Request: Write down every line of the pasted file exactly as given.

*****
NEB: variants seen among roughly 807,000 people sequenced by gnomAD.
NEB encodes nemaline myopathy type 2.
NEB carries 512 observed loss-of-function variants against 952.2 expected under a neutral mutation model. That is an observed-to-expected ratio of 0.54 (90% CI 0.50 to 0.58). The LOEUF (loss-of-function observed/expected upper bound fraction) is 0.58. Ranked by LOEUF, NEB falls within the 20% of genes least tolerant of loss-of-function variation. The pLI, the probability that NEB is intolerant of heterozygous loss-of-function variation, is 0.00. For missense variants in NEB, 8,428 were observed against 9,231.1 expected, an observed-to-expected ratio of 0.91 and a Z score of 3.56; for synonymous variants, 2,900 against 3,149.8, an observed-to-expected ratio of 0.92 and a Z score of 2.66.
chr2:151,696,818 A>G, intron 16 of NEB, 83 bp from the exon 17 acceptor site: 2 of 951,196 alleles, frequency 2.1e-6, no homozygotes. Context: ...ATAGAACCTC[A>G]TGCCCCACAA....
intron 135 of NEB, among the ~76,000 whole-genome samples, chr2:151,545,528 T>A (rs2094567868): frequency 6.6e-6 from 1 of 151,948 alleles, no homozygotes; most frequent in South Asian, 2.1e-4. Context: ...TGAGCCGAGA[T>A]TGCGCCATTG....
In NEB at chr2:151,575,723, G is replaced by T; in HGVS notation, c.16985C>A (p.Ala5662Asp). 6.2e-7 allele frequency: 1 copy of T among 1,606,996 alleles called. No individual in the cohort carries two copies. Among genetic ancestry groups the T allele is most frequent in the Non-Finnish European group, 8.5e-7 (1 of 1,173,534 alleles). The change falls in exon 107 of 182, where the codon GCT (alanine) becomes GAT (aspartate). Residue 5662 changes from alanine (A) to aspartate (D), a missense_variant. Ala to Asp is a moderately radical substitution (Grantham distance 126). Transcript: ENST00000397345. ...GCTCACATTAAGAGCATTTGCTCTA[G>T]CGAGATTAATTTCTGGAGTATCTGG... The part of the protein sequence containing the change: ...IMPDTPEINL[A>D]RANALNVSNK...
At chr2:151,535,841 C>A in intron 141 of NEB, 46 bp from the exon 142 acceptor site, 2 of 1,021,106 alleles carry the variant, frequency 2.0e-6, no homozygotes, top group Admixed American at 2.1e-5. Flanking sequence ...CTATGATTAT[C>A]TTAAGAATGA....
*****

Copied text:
NEB: variants seen among roughly 807,000 people sequenced by gnomAD.
NEB encodes nemaline myopathy type 2.
NEB carries 512 observed loss-of-function variants against 952.2 expected under a neutral mutation model. That is an observed-to-expected ratio of 0.54 (90% CI 0.50 to 0.58). The LOEUF (loss-of-function observed/expected upper bound fraction) is 0.58. Ranked by LOEUF, NEB falls within the 20% of genes least tolerant of loss-of-function variation. The pLI, the probability that NEB is intolerant of heterozygous loss-of-function variation, is 0.00. For missense variants in NEB, 8,428 were observed against 9,231.1 expected, an observed-to-expected ratio of 0.91 and a Z score of 3.56; for synonymous variants, 2,900 against 3,149.8, an observed-to-expected ratio of 0.92 and a Z score of 2.66.
chr2:151,696,818 A>G, intron 16 of NEB, 83 bp from the exon 17 acceptor site: 2 of 951,196 alleles, frequency 2.1e-6, no homozygotes. Context: ...ATAGAACCTC[A>G]TGCCCCACAA....
intron 135 of NEB, among the ~76,000 whole-genome samples, chr2:151,545,528 T>A (rs2094567868): frequency 6.6e-6 from 1 of 151,948 alleles, no homozygotes; most frequent in South Asian, 2.1e-4. Context: ...TGAGCCGAGA[T>A]TGCGCCATTG....
In NEB at chr2:151,575,723, G is replaced by T; in HGVS notation, c.16985C>A (p.Ala5662Asp). 6.2e-7 allele frequency: 1 copy of T among 1,606,996 alleles called. No individual in the cohort carries two copies. Among genetic ancestry groups the T allele is most frequent in the Non-Finnish European group, 8.5e-7 (1 of 1,173,534 alleles). The change falls in exon 107 of 182, where the codon GCT (alanine) becomes GAT (aspartate). Residue 5662 changes from alanine (A) to aspartate (D), a missense_variant. Ala to Asp is a moderately radical substitution (Grantham distance 126). Transcript: ENST00000397345. ...GCTCACATTAAGAGCATTTGCTCTA[G>T]CGAGATTAATTTCTGGAGTATCTGG... The part of the protein sequence containing the change: ...IMPDTPEINL[A>D]RANALNVSNK...
At chr2:151,535,841 C>A in intron 141 of NEB, 46 bp from the exon 142 acceptor site, 2 of 1,021,106 alleles carry the variant, frequency 2.0e-6, no homozygotes, top group Admixed American at 2.1e-5. Flanking sequence ...CTATGATTAT[C>A]TTAAGAATGA....